- - Sunday, April 3, 2016

ANALYSIS/OPINION:

PRISONERS OF HOPE: LYNDON B. JOHNSON, THE GREAT SOCIETY AND THE LIMITS OF LIBERALISM

By Randall B. Woods

Basic Books, $32, 480 pages

The ill-disguised contempt with which much of post-Kennedy Washington viewed President Lyndon Johnson was on nasty display on election night in 1964, after LBJ routed Barry Goldwater. Art Buchwald, the Washington Post columnist, sneered at a cocktail party, “We were nice to this fellow when he was running against Goldwater because we were scared of Goldwater, but now we’re going to get him because he’s just a Texas clown!”

Buchwald was perhaps piqued because the “clown,” in his first months in the White House, achieved passage of a civil rights act for which JFK had struggled ineffectively for almost three years — a measure guaranteeing blacks equal access to public facilities and employment, among other benefits.



Further, Johnson’s early success was a prelude to a period of so-called “Great Society” legislation that was tantamount to a second New Deal. Although many conservatives viewed Johnson’s social programs with scorn, he overcame a Congress dominated by Southerners (Democrats, in the main) with legislative adeptness equaled by no other American president. Johnson combined persuasion with occasional brute force to achieve what he wished.

The reasons that many of his programs fell short of the intended achievements — “the unintended consequences of well-intentioned policy” — is the theme of Randall B. Woods’ account. A professor at the University of Arkansas, and an early LBJ biographer, Mr. Woods is both incisive and objective in appraising the origins of Johnson’s Great Society programs, and their fate.

Unlike Kennedy, who spent his life in cloistered wealth, Johnson understood poverty from his birth on a Texas Hill Country farm without electricity, to his teaching of Latin-American kids in Cotulla, an economically desolate village in South Texas. LBJ also sensed the mounting social turmoil in the country in the 1960s — racial, economic and otherwise — and he set about addressing the problems.

A former Senate majority leader, Johnson knew well the levers of congressional power, and he eschewed the glitzy dinner parties and social showboating beloved by the Kennedys. (See, for instance, Sally Bedell Smith’s 2005 book, “Grace and Power: The Private World of the Kennedy White House.”)

Perhaps Johnson’s greatest initial legislative achievement was passage of a voting rights act in 1965 that knocked down racial barriers that had long denied blacks access to the ballot box. He recognized the political price, telling an aide that he likely had cost the Democratic Party the South forever.

Working in President Roosevelt’s 1930s National Youth Administration, Johnson had learned to loathe bureaucratic torpor. Hence he close to link his programs “to the grassroots aspirations of the people.” As Mr. Woods observes, “If the disinherited could become convinced that the good things in life were coming to them through the exercise of their own political muscle rather than the charity of philanthropists or government, they would be rid of the enervating feelings of dependency and powerlessness.”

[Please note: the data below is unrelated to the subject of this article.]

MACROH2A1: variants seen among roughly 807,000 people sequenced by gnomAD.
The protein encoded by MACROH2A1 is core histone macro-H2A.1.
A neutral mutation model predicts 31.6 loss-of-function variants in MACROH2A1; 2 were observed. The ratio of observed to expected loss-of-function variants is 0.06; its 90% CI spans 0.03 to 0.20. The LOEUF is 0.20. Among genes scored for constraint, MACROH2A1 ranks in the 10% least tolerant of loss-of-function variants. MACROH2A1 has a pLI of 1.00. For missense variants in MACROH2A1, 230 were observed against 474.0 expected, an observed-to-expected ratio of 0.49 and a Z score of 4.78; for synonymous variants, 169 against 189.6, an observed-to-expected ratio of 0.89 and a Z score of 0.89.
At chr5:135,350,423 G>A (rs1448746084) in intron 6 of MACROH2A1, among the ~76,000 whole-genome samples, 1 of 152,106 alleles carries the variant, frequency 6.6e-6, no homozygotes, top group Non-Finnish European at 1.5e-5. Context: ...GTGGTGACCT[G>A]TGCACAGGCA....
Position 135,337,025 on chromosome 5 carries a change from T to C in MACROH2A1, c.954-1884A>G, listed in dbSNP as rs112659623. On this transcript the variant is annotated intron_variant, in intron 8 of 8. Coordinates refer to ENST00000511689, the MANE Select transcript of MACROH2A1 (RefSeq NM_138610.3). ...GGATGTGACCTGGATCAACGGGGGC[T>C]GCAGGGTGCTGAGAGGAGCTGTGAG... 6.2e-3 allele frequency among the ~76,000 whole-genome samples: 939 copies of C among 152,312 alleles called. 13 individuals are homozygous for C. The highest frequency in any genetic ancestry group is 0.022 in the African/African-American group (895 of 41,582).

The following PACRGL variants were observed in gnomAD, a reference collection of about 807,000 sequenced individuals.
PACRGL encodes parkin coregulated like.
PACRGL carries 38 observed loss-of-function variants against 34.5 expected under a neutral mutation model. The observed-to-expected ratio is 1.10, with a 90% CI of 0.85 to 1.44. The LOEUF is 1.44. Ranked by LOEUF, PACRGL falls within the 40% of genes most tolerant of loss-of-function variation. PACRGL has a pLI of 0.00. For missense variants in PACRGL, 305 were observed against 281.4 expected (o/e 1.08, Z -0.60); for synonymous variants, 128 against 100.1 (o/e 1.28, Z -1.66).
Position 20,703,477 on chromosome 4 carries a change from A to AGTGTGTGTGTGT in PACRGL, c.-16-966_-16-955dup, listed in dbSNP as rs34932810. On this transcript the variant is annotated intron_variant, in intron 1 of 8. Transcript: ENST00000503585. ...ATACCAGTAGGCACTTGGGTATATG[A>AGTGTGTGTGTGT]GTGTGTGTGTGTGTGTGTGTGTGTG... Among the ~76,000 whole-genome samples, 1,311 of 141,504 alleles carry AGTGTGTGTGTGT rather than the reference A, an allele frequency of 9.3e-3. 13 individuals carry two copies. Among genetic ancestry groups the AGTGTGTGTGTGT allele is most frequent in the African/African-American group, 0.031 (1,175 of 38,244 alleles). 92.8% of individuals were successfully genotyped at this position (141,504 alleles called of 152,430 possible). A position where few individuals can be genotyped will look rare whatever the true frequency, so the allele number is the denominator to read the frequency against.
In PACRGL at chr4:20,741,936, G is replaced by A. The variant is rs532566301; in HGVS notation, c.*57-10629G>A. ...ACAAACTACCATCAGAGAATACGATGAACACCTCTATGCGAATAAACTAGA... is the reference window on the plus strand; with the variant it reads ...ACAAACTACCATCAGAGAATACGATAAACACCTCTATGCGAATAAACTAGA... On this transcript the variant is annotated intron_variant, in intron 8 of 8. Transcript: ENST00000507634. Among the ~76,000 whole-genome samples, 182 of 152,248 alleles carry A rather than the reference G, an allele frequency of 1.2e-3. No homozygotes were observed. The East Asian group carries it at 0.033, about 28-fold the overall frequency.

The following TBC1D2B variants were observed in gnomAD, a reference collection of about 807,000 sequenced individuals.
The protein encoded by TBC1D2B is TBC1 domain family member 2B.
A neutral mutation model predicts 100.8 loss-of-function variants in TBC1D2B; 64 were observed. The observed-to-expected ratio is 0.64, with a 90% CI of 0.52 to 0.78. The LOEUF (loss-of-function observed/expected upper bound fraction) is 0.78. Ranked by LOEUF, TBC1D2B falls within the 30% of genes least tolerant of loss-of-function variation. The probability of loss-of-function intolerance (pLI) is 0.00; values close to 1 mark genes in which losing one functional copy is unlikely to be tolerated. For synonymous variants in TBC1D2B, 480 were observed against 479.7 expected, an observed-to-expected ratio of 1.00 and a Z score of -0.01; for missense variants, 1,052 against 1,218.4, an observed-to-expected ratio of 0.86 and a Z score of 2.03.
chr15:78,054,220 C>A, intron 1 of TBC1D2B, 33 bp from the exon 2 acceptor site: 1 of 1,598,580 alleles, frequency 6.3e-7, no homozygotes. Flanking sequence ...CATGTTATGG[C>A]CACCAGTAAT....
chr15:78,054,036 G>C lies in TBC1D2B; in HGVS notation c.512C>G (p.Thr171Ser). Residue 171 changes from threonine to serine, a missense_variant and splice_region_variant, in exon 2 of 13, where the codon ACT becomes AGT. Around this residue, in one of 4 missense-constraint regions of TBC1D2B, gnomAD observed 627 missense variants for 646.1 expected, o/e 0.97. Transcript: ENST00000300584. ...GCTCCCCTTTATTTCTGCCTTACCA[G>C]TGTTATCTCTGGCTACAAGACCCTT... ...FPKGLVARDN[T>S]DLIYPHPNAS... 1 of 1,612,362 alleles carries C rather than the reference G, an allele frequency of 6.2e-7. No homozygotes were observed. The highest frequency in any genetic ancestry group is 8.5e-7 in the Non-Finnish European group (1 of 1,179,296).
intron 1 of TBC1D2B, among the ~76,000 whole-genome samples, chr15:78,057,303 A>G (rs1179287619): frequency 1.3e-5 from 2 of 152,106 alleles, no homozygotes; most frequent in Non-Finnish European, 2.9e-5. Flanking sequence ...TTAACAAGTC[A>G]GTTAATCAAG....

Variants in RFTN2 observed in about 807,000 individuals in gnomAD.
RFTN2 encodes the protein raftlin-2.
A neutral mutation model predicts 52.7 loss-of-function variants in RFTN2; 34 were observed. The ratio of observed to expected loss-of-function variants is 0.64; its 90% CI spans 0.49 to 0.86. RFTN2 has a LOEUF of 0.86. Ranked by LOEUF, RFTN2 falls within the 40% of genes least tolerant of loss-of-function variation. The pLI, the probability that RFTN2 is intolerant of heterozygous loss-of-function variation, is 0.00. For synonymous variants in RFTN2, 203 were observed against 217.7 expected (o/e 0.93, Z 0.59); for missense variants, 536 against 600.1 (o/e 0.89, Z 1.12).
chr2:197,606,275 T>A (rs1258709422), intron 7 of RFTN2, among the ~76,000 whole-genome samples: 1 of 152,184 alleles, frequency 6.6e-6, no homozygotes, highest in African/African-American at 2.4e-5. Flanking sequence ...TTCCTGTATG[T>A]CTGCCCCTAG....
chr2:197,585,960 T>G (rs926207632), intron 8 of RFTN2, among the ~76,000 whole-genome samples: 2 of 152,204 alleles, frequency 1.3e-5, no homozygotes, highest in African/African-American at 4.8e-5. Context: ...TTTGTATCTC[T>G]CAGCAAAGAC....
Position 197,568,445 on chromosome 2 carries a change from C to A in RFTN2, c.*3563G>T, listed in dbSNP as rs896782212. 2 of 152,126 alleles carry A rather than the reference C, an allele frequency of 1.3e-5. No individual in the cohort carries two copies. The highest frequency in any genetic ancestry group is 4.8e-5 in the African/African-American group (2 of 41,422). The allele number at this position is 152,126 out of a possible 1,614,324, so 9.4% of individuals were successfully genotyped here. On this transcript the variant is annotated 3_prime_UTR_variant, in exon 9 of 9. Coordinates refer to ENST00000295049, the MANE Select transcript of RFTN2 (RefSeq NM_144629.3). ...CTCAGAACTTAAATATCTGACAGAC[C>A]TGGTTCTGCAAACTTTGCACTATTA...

Hence his War on Poverty creations relied heavily on an approach (the Community Action Program, or CAP) which bypassed local governments and political bosses. As Johnson aid Bill Moyers put it, “The poor in our cities, they have been the wards of the political machines.”

Thus Johnson ran headlong into an unlikely congeries of foes. Powerful mayors such as Richard Daley of Chicago and Sam Yorty of Los Angeles blasted LBJ for promoting “class struggle” and insisted that programs remain local. Loud-mouthed “liberal” groups such as Students for a Democratic Society and the “black power movement” sought to seize control of CAPs, touching off a white backlash that worsened race relations as the 1960s progressed — a cruel by-product of Johnson’s noble intentions.

Predictably, the liberal establishment — led by Sen. Robert Kennedy, who hated LBJ from the outset, and desperately wanted the presidency in 1968 — abandoned the Democratic administration and, in Mr. Woods’ words, reacted by “kowtowing” to the militants. Political scientist Daniel Patrick Moynihan (later a New York senator) commented, “The President was badly let down by the white political community which panicked at the thought that it might have to pursue for a moment a line of thought unpopular with the Negro militants “

In due course, opponents of the Vietnam War came to detest Johnson, leaving a historical blemish on his record. Nonetheless, accomplishments of the Great Society remain visible in present-day America — from Medicare, which benefits millions of persons annually, to increased spending on higher education, job training programs, and vast increases in national parklands.

And what a pity it is, as Mr. Woods concludes, “Ironically, it was Johnson who made Jack Kennedy the great liberal that he is remembered as being by many Americans today.”

Washington writer Joseph Goulden covered the Johnson White House for The Philadelphia Inquirer 1967-1968.

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